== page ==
Photo courtesy of Safer Lock.

According to the annual National Survey on Drug Use and Health, 75 percent of all opioid misuse does not start with a prescription, but through medication illegally obtained from a friend, family member, or dealer. Fortunately, a new, lockable pill bottle represents a promising step in preventing diversion without limiting access to relief for legitimate patients.

The product was developed by a company called Safer Lock, created by Nathan Langley and his business partner, Joseph Simpson. Simpson’s brother, Steven, became addicted to pain medications as a teenager after stealing them from their mother, Deborah. Deborah, who lives with chronic pain, began taking pain medications due to a car accident in 2002.

While Steven is now in recovery, Joseph saw a dire need for a way to safeguard medications from being accessed by anyone but the intended recipient. After careful research and seven prototypes, Joseph created a pill bottle with an easy-to-use, four-digit combination lock cap. The cap can be used with the bottle that is included and with most standard prescription bottles.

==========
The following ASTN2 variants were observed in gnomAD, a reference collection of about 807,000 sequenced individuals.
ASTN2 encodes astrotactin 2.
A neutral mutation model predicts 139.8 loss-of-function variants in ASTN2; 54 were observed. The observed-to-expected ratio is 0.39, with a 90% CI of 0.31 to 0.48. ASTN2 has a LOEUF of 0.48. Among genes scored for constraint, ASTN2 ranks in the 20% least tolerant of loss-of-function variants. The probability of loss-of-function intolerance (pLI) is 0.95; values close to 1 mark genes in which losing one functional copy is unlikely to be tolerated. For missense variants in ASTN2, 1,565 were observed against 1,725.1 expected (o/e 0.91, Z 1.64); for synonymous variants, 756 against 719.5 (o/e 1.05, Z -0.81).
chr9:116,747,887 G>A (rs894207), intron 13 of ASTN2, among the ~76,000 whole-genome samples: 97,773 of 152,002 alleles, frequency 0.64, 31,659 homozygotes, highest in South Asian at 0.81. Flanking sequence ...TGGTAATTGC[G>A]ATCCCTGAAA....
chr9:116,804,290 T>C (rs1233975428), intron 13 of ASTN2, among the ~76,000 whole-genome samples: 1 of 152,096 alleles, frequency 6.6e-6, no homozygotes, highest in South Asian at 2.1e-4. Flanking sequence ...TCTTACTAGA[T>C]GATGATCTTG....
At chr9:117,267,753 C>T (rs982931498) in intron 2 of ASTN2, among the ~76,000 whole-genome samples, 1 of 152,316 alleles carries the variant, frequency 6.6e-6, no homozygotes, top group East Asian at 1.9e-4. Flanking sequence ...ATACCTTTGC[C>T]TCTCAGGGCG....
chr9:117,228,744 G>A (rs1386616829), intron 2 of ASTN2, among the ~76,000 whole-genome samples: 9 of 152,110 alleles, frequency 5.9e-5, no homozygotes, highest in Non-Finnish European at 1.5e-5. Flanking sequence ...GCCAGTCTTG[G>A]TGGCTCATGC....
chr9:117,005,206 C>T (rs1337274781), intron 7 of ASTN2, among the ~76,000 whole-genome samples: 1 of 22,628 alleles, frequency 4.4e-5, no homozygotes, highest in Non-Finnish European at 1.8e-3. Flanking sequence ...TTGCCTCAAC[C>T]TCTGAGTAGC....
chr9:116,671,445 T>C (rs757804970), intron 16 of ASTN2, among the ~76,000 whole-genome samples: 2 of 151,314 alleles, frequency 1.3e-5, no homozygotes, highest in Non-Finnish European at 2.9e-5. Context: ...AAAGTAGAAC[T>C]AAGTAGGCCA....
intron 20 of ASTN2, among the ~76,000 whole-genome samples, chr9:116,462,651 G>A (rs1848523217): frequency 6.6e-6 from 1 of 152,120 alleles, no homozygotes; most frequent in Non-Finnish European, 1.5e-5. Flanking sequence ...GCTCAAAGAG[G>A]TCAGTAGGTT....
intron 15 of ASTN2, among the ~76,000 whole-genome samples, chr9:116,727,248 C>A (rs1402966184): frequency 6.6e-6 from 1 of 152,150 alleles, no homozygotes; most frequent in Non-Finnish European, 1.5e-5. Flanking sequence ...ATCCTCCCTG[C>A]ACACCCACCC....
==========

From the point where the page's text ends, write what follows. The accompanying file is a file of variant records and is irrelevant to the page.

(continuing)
The lockable cap can be used with the bottle that is included and with most standard prescription bottles.

Beyond curbing abuse, lockable pill bottles can also help prevent accidental ingestion or overdose by a curious young child.

“While lockable pill bottles alone won’t solve the opioid crisis, this is an excellent way to empower people with pain to protect their loved ones and do their part to prevent addiction,” says Paul Gileno, U.S. Pain president and founder. “We need more innovations and reforms like this one, which strike a balance between safety and access.”

Learn more about Safer Lock products here. You can also read U.S. Pain’s full position statement on balanced access to pain management and opioid reform here.